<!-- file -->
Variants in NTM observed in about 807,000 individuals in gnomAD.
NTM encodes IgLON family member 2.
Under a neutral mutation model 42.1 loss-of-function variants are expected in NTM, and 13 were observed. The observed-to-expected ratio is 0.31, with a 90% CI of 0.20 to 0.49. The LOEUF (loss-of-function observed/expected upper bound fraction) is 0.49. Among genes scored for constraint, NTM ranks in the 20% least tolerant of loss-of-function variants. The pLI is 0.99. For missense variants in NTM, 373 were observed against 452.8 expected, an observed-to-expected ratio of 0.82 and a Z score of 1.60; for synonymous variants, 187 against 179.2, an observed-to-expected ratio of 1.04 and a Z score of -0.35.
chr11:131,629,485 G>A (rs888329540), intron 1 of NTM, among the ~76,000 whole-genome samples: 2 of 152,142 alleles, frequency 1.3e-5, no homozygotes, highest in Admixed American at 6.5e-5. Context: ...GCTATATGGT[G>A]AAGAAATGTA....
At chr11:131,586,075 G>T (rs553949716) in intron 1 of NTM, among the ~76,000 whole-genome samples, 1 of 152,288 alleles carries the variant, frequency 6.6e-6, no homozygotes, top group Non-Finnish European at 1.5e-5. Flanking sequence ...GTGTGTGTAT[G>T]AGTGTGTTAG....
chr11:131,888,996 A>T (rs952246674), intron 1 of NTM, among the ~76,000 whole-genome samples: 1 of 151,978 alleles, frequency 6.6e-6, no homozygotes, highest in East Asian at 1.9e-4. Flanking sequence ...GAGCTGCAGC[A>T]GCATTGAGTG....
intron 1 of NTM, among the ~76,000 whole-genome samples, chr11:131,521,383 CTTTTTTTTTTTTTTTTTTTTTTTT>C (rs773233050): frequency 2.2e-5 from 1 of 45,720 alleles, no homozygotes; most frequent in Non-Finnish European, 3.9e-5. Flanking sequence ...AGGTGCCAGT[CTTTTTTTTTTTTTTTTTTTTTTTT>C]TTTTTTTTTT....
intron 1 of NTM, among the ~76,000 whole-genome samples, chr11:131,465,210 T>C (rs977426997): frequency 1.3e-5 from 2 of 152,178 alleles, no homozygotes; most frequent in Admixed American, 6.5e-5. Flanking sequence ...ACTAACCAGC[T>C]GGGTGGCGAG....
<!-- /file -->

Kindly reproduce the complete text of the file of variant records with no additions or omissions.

Variants in NTM observed in about 807,000 individuals in gnomAD.
NTM encodes IgLON family member 2.
Under a neutral mutation model 42.1 loss-of-function variants are expected in NTM, and 13 were observed. The observed-to-expected ratio is 0.31, with a 90% CI of 0.20 to 0.49. The LOEUF (loss-of-function observed/expected upper bound fraction) is 0.49. Among genes scored for constraint, NTM ranks in the 20% least tolerant of loss-of-function variants. The pLI is 0.99. For missense variants in NTM, 373 were observed against 452.8 expected, an observed-to-expected ratio of 0.82 and a Z score of 1.60; for synonymous variants, 187 against 179.2, an observed-to-expected ratio of 1.04 and a Z score of -0.35.
chr11:131,629,485 G>A (rs888329540), intron 1 of NTM, among the ~76,000 whole-genome samples: 2 of 152,142 alleles, frequency 1.3e-5, no homozygotes, highest in Admixed American at 6.5e-5. Context: ...GCTATATGGT[G>A]AAGAAATGTA....
At chr11:131,586,075 G>T (rs553949716) in intron 1 of NTM, among the ~76,000 whole-genome samples, 1 of 152,288 alleles carries the variant, frequency 6.6e-6, no homozygotes, top group Non-Finnish European at 1.5e-5. Flanking sequence ...GTGTGTGTAT[G>T]AGTGTGTTAG....
chr11:131,888,996 A>T (rs952246674), intron 1 of NTM, among the ~76,000 whole-genome samples: 1 of 151,978 alleles, frequency 6.6e-6, no homozygotes, highest in East Asian at 1.9e-4. Flanking sequence ...GAGCTGCAGC[A>T]GCATTGAGTG....
intron 1 of NTM, among the ~76,000 whole-genome samples, chr11:131,521,383 CTTTTTTTTTTTTTTTTTTTTTTTT>C (rs773233050): frequency 2.2e-5 from 1 of 45,720 alleles, no homozygotes; most frequent in Non-Finnish European, 3.9e-5. Flanking sequence ...AGGTGCCAGT[CTTTTTTTTTTTTTTTTTTTTTTTT>C]TTTTTTTTTT....
intron 1 of NTM, among the ~76,000 whole-genome samples, chr11:131,465,210 T>C (rs977426997): frequency 1.3e-5 from 2 of 152,178 alleles, no homozygotes; most frequent in Admixed American, 6.5e-5. Flanking sequence ...ACTAACCAGC[T>C]GGGTGGCGAG....